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1/72 Bandai VF-25F Messiah build-up step-by-step (sort of)


wm cheng
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I added magnets to the underside of the fuselage because my tab broke off into the cockpit. This conveniently filled the gap. I used 1/8 diameter magnets by 1/16 thick. It's really stable now. Thanks to WM for the magnet idea and thanks to Vince for the link to the magnet store.

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Edited by Lodizah
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Use a drill bit to start the hole.Then use a dremel hi-speed cutter (size is 1/8).

Thanks alot. This thread and many other threads have lots of great information to get a model to look its best.

Even though I have been building model kits for some time, I'm actually new to the painting and detailing aspect of it (I have a practice model thankfully). Pretty much I'm going through all related threads in the forums to gather as much knowledge as I can. :p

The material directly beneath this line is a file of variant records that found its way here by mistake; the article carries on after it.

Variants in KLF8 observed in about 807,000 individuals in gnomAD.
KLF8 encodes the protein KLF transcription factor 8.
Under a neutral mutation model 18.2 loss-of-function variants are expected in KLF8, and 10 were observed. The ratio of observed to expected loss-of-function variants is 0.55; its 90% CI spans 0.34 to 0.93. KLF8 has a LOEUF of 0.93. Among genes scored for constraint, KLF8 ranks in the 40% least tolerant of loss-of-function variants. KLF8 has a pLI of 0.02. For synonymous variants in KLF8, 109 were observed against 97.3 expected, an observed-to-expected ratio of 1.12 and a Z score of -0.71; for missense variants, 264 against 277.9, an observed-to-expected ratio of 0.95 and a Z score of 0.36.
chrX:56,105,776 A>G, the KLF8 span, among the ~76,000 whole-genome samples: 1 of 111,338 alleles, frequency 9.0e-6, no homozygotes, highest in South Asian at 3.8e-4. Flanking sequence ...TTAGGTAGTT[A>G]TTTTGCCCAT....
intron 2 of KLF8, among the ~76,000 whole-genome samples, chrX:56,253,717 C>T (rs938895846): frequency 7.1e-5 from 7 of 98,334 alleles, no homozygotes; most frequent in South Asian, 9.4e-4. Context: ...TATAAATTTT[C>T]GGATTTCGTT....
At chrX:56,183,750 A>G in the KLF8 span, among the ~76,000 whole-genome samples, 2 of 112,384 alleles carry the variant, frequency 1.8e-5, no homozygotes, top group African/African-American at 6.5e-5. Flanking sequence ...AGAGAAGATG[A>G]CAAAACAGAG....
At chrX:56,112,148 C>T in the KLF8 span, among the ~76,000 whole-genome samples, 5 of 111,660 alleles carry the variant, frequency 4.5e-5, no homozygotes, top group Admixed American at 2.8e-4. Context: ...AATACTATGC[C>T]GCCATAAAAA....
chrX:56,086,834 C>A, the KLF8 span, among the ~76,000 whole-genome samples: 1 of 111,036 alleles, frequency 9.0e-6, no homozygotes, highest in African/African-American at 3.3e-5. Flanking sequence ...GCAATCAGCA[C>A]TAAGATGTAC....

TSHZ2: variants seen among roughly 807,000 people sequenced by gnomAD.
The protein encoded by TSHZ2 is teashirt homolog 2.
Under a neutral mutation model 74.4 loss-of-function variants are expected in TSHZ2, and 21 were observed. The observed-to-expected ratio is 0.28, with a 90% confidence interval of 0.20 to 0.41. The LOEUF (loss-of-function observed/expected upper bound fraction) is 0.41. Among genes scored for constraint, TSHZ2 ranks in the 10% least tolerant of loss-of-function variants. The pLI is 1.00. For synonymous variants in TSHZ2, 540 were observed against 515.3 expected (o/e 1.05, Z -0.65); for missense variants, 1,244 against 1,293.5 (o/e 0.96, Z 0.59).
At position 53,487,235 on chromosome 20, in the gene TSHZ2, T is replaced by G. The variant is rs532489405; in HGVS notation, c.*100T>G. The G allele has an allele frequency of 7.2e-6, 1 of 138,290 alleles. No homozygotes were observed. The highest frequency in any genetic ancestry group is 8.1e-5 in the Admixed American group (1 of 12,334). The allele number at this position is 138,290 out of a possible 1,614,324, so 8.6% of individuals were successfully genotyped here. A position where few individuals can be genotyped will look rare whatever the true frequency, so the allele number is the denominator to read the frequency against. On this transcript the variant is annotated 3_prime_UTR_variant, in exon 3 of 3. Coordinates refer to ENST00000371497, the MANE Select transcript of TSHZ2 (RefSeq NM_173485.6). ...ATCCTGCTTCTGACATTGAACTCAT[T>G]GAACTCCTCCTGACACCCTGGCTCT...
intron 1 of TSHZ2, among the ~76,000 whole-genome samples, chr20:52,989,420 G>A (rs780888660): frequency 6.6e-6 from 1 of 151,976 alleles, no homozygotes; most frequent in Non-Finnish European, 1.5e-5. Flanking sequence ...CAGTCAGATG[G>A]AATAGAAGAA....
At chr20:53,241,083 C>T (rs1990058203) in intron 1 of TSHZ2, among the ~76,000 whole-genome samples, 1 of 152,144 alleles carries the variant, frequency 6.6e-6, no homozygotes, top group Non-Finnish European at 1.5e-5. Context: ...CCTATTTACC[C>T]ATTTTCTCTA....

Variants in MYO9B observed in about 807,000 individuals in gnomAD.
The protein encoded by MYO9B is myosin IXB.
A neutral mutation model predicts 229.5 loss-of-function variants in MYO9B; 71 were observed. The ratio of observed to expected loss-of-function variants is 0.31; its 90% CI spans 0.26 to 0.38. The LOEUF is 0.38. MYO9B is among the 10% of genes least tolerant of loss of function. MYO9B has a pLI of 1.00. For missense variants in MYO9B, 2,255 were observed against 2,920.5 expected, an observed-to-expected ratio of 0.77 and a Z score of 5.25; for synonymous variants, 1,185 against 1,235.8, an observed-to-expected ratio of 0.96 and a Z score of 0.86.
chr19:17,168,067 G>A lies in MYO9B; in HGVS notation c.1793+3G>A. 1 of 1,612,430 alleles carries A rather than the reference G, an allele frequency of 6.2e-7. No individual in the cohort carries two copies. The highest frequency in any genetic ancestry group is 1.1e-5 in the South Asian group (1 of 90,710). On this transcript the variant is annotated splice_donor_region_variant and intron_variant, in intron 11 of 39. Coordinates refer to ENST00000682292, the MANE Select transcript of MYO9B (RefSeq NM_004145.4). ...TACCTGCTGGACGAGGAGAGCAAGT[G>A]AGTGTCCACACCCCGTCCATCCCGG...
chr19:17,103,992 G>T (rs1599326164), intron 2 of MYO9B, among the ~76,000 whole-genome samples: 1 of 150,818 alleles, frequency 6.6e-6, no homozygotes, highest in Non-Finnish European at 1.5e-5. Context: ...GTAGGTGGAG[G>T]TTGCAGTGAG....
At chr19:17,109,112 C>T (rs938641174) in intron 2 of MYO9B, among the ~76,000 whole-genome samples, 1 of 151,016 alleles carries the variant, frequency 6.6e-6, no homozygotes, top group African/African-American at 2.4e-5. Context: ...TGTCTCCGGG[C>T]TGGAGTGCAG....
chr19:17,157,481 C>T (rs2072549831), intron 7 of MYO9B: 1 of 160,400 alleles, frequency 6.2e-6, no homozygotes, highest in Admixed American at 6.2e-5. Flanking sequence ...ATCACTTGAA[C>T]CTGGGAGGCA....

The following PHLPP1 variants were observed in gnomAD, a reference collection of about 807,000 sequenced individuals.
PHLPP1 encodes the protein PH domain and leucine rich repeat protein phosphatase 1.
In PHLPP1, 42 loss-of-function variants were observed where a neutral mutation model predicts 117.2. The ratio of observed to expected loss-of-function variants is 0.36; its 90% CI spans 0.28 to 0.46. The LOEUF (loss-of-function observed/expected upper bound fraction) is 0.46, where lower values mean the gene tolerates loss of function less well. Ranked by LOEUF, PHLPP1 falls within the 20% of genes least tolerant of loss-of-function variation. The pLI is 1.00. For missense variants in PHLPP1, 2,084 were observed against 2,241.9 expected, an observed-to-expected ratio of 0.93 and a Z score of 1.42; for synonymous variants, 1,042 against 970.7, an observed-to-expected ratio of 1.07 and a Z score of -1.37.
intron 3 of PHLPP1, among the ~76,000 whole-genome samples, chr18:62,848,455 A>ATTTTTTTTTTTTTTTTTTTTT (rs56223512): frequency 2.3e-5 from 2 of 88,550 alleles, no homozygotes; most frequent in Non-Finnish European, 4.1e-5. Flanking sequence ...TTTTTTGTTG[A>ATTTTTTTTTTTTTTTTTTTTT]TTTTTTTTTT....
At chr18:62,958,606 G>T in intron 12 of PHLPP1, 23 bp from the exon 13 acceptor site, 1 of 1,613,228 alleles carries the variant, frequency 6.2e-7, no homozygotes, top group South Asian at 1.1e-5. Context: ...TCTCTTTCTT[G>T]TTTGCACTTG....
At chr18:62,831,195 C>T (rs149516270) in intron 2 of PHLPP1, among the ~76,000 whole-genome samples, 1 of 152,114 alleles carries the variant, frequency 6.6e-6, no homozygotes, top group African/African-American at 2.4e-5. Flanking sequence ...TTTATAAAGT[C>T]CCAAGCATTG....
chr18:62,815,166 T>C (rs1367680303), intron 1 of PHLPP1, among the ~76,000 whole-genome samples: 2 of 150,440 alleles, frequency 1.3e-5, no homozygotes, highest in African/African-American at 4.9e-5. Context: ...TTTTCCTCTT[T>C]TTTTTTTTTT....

Edited by shiroikaze
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Hey Cheng.

Actually the green stuff putty idea was bad advice. My bad. It was late and I was thinking incorrectly. Also you would have to build a non transformable model to do that. The kit is looking good by the way,.

I do however have a miraculous fix for the scratches on windows, I just tried this and it worked awesome. I used " Future acryllic floor wax " . It has a number of different names though. You can check out the names here depending on where you are in the world.

http://basic1.easily.co.uk/05800C/03D03B/klear.htm

Also, if you look at Hobby Japan #11 2008 and know or can get kanji ? ( spelling ? ) translated, there are some incredible builds of the frontier series mechs and variable fighters. Really seemed to do a good job of hiding the big gaps that are inherent with transforming models.

Cheers dude.

Also , I just picked up a " 1/72 SV-51 Gamma Ivanov " that doesn't transform, ( which I am so happy about, ) so if you have any ideas or links where there

are some step by steps or work ups anybody did of this model, please let me know.

Thanks and Cheers again.

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" shiroikaze "

" Thanks alot. This thread and many other threads have lots of great information to get a model to look its best.